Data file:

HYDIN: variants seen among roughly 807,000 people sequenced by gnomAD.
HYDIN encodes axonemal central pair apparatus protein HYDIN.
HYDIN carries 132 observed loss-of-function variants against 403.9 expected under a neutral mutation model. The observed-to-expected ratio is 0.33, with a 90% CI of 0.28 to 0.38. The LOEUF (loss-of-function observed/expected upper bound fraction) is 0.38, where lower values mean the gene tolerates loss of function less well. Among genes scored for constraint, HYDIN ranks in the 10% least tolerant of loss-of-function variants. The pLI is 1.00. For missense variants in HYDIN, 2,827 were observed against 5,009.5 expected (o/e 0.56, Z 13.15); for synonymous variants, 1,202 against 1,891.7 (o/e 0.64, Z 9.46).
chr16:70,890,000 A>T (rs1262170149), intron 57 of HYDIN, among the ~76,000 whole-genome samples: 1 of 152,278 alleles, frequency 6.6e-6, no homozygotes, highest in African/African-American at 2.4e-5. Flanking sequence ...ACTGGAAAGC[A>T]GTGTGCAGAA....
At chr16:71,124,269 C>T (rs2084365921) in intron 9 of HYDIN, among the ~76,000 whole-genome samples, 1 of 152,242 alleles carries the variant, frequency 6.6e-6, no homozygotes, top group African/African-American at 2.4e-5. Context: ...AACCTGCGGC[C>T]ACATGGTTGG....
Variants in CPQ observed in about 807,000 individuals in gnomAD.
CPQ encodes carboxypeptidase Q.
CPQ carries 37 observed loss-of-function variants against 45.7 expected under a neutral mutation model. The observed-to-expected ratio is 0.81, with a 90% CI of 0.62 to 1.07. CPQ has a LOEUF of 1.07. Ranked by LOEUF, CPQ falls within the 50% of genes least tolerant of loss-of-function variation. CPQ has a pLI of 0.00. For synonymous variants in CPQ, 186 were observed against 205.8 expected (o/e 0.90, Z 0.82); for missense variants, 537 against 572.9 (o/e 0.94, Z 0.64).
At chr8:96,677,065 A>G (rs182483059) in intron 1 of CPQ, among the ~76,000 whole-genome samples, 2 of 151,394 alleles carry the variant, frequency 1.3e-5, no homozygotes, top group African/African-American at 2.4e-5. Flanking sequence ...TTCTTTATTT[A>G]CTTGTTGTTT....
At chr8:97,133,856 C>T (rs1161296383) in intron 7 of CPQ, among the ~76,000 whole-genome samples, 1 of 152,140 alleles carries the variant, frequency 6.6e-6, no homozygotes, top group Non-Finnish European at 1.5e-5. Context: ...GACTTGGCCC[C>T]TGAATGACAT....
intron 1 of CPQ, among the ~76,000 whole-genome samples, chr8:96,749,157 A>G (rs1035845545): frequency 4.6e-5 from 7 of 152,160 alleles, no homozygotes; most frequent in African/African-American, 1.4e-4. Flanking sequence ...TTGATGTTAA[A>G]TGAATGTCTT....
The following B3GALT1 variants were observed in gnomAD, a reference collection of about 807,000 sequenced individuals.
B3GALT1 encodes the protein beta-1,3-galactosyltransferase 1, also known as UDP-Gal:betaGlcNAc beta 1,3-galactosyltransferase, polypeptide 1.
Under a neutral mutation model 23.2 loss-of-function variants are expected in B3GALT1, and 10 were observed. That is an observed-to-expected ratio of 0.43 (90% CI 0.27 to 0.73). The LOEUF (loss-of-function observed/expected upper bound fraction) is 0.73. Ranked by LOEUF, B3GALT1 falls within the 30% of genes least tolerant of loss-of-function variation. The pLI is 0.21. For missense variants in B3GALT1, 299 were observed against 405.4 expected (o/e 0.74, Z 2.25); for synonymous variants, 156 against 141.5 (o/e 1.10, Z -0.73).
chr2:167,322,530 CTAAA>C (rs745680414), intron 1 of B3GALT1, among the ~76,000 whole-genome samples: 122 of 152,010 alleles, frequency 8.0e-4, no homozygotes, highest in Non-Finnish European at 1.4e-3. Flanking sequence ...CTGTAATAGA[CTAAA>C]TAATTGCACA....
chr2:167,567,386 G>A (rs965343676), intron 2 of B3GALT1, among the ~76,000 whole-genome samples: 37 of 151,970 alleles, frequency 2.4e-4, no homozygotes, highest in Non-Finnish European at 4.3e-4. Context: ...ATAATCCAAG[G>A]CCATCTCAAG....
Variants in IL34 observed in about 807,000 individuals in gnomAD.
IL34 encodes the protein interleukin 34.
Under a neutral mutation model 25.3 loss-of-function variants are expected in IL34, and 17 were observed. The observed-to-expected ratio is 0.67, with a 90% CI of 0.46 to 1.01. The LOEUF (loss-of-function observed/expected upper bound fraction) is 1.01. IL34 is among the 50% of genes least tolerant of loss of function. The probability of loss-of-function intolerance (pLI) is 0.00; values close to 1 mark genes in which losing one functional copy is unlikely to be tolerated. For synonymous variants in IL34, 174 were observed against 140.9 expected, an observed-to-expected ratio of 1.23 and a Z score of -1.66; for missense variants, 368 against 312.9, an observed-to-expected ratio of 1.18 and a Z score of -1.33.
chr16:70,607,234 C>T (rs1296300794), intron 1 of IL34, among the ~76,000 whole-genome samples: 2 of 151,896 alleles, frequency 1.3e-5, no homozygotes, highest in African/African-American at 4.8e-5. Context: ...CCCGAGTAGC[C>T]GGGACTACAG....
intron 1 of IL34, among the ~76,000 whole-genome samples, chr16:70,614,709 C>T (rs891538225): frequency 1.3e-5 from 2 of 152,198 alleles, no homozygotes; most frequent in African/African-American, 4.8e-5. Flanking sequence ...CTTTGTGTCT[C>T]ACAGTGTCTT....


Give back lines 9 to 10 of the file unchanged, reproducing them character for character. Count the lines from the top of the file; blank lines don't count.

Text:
At chr8:96,677,065 A>G (rs182483059) in intron 1 of CPQ, among the ~76,000 whole-genome samples, 2 of 151,394 alleles carry the variant, frequency 1.3e-5, no homozygotes, top group African/African-American at 2.4e-5. Flanking sequence ...TTCTTTATTT[A>G]CTTGTTGTTT....
At chr8:97,133,856 C>T (rs1161296383) in intron 7 of CPQ, among the ~76,000 whole-genome samples, 1 of 152,140 alleles carries the variant, frequency 6.6e-6, no homozygotes, top group Non-Finnish European at 1.5e-5. Context: ...GACTTGGCCC[C>T]TGAATGACAT....